After months of negotiations amongst the House of Representatives, the Senate, and White House, the Build Back Better Act of 2021 (H.R. 5376) has achieved a legislative milestone. The $1.9 trillion budget reconciliation package passed the House by a vote of 220-213. This vote came after the release of Congressional Budget Office’s cost estimate for the bill. The cost estimate for the education and labor provisions of Build Back Better can be found here. The budget reconciliation package includes provisions to expand federal student aid eligibility for Deferred Action for Childhood Arrival (DACA) recipients and major investments in research capacity building at Minority Serving Institutions and Historically Black Colleges and Universities.
House Education and Labor Chairman Bobby Scott (D-VA) stated in a press release about the legislation, “The Congressional Budget Office’s estimate confirms two important facts about the Education and Labor Committee’s provisions in the Build Back Better Act. First, it shows that the Build Back Better Act makes historic investments in lowering costs for working families and helping Americans secure good-paying jobs. This proposal will make childcare affordable for families, secure universal preschool, help more students access healthy school meals, lower the cost of life-saving prescription drugs, and expand opportunities by investing in higher education and high-quality job training programs.”
The budget reconciliation package now moves to the Senate where it faces several challenges, including the cost of the package.
FY2022 Appropriations: Another Continuing Resolution Is Possible
Joint Education and Labor Subcommittee Hearing on Implementation of COVID-19 Education Funds
On November 17, two House Education and Labor subcommittees held a joint hearing on the implementation of COVID-19 education funds. Members of the Early Childhood, Elementary, and Secondary Education Subcommittee and the Higher Education and Workforce Investment Subcommittee heard testimony from Cindy Marten, deputy secretary at the Department of Education and James Kvaal, undersecretary for the Department of Education. In his testimony before the subcommittees, Undersecretary Kvaal underscored the importance of the Higher Education Emergency Relief Fund (HEERF), “HEERF has been a lifeline for students facing economic losses due to the pandemic, including many who were homeless or did not have enough to eat, and helping them stay enrolled in college. It aided colleges in meeting urgent public health needs and avoiding mass layoffs of faculty and staff. Some public and private non-profit colleges say HEERF supported their continued survival.”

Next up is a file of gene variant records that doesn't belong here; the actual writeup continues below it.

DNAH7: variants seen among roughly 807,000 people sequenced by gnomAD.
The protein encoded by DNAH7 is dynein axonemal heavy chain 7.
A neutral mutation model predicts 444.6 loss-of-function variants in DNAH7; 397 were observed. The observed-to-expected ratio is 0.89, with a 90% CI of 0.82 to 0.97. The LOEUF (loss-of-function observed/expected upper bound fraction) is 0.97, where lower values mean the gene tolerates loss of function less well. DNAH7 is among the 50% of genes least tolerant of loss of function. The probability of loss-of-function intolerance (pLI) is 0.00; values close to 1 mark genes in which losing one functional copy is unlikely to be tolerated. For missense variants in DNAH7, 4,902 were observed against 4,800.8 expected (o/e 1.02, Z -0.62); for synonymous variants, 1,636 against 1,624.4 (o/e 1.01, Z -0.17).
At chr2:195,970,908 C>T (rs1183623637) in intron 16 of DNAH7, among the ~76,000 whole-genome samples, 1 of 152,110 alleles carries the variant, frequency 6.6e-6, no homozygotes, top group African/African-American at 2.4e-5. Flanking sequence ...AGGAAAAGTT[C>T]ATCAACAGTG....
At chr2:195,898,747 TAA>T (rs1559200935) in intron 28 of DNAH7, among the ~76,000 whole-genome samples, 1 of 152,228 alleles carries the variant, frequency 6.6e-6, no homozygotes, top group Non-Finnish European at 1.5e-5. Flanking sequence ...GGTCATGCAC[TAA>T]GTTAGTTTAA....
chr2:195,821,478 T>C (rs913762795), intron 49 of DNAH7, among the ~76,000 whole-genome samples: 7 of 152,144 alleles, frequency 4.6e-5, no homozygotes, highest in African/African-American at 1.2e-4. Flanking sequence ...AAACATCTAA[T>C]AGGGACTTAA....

U.S. Innovation and Competition Act (S. 1260)
NIH Comment Request on Division of Extramural Research and Training (DERT) Extramural Grantee Data
On November 16, the National Institutes of Health issued a notice requesting comments on the National Institute of Environmental Health Sciences (NIEHS) Division of Extramural Research and Training (DERT) Extramural Grantee Data. NIH is requesting public comments to assist in making “informed management decisions about research programs and to demonstrate outputs, outcomes and impacts of research programs. NIEHS will collect, analyze and report on data from extramural grantees who are currently receiving funding or who have received funding in the past. Information gained from this primary data collection will be used in conjunction with data from grantee progress reports and presentations at grantee meetings to inform internal programs and new funding initiatives.” All written comments must be submitted within 30 days of the publication on the federal register notice.